Malala Yousafzai and The Next Generation
By Adam Cohen on 10/12/2012 @ 11:07 AM
Fourteen year old Pakistani Malala Yousafzai challenged the exclusion of girls in the classroom. For that “offense” the Taliban shot her twice at close range. Her fellow Pakistanis came to her side as she remains in critical condition. They are publicly demonstrating their support for her and her vision, and they are condemning the movement and ideology of her attackers.
This tragedy is a grim reminder of the failure of the U.S. military strategy in Afghanistan. After eleven years of fighting against the most modern army in the world, the Taliban remains powerful. Not only does the group exercise autonomy in large parts of Afghanistan, but, clearly, it exerts strong influence over the border in Pakistan. The U.S. intends to withdraw all of its troops by 2014, but recently stated that it is no longer actively seeking a political settlement before it leaves. While removing our troops is certainly a good thing, abandoning efforts to build a long-term, regional diplomatic framework would be disastrous. Without such an agreement, the specter of civil war, the collapse of the Karzai regime and the rise of unfettered Taliban rule in Afghanistan is a grim but no longer unfathomable reality. As this episode shows, rising Taliban influence in the region comes with the return of its violent, repressive interpretation of Islamic laws and values.
But there is something of value to be taken from this tragedy as well. Her sacrifice is a powerful symbol of all that remains at stake in the region. It reminds us of what we have to lose if we continue with militant policies and simply leave Afghanistan to crumble. If we do that, we turn our backs on people like Malala and we turn our backs on a better future for us all.
For over thirty years, Afghanistan and its surrounding regions have been caught in a vicious cycle of violence, despair and radicalization. This pattern began with the Soviet invasion, followed by the importation of militant extremism during the jihad. Then there was a devastating civil war and the rise of the Taliban. Most recently, the United States' militant response to the attacks of September 11, 2001 reignited religious, political and ethnic tensions. Today, the future of Afghanistan remains bleak.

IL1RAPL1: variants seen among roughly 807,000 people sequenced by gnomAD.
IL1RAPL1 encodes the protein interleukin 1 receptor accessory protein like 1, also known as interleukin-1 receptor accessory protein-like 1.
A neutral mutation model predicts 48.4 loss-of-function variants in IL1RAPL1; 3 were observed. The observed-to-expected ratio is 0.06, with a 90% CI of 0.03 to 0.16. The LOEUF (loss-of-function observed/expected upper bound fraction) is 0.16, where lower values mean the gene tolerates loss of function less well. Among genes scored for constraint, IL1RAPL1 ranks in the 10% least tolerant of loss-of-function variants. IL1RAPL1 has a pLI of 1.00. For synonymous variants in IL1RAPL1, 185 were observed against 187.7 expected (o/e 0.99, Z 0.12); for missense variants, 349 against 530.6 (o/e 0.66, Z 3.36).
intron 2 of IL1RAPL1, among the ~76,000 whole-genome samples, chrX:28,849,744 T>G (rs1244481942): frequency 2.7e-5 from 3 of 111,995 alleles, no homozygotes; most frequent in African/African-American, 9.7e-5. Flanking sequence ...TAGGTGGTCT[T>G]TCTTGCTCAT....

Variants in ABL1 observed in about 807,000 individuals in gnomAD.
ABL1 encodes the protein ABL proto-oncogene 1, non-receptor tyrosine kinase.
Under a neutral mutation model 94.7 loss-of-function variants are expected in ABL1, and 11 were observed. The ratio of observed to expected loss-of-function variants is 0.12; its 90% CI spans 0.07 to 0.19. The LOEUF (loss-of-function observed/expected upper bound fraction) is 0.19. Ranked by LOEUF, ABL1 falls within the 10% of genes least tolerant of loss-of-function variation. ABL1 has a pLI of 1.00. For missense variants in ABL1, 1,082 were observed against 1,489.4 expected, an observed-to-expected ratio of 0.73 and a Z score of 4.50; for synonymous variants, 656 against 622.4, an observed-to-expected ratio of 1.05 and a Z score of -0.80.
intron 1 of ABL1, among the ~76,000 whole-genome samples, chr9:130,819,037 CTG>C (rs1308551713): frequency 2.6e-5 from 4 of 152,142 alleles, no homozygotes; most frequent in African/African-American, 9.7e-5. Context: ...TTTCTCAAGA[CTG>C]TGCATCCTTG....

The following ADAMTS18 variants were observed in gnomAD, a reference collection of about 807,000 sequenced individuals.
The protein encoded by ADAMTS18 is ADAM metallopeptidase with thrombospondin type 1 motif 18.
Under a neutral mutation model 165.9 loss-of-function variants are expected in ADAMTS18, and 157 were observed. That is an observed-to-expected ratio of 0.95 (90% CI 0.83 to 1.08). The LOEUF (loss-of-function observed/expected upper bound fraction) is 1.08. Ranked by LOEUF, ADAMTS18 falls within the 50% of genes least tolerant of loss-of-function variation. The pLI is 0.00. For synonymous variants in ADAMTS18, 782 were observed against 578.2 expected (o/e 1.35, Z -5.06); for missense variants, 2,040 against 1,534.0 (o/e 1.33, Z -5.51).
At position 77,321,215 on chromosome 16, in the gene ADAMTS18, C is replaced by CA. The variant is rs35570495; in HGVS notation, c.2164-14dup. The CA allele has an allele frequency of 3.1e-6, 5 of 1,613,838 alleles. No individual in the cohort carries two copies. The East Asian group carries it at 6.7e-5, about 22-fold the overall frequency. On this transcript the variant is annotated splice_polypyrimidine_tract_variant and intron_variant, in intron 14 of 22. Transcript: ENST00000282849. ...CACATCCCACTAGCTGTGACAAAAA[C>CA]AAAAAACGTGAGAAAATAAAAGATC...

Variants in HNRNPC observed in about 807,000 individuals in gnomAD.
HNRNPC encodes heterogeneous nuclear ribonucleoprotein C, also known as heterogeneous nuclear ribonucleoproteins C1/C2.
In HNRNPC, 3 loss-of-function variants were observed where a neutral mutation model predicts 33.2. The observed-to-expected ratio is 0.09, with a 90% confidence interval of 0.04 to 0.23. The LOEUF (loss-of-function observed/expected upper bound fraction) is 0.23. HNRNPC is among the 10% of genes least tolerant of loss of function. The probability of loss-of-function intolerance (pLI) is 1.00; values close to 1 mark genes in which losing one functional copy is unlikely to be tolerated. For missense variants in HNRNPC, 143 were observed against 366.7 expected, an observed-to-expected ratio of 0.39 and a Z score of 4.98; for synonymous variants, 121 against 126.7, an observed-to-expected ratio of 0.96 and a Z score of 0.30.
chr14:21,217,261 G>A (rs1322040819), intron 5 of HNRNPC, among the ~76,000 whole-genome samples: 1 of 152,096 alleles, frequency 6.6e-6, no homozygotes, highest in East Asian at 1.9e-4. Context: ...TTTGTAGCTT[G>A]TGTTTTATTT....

These experiences have consistently hurt one group more than all the others – children. With every renewed round of conflict children face the loss of their loved ones and support systems and the destruction of their communities and schools. It has now been several generations since the children of this part of the world have had any reason to hope for a prosperous tomorrow. Their inability to break the yoke of destructive international interference and responsive domestic radicalization not only darkens their future but bodes ill for the entire world.
Yet in spite of this heavy reality, Malala spoke out for change. It is only through voices such as Malala Yousafzai’s calling out for better practices, locally inspired and administered reforms, improved education and the invigoration of civil society that this part of the world will know peace in the coming generations.
The U.S. ought to follow her example and get serious about playing a constructive role in the region. It must acknowledge the counterproductive nature of its military presence. President Barack Obama needs to recognize that if an attack on one smart girl can bring out this much disdain from the public, the presence of foreign troops and the constant fear of drone strikes must be doing far more damage. The US needs to revive its efforts to engage the region diplomatically. If the Taliban are going to be a fixture of Afghanistan once the US withdraws in 2014, then the U.S. must act now to talk with it and do what it takes to bring them to the table and broker a deal to protect our true allies. With emotions high in Pakistan, perhaps now is the best time to engage in needed regional discussions about ending the country's reliance on extremists and finally working towards long-term peace and safety for our truest allies and our greatest hope, the next generation.
If Malala can speak out for peace, then so should we.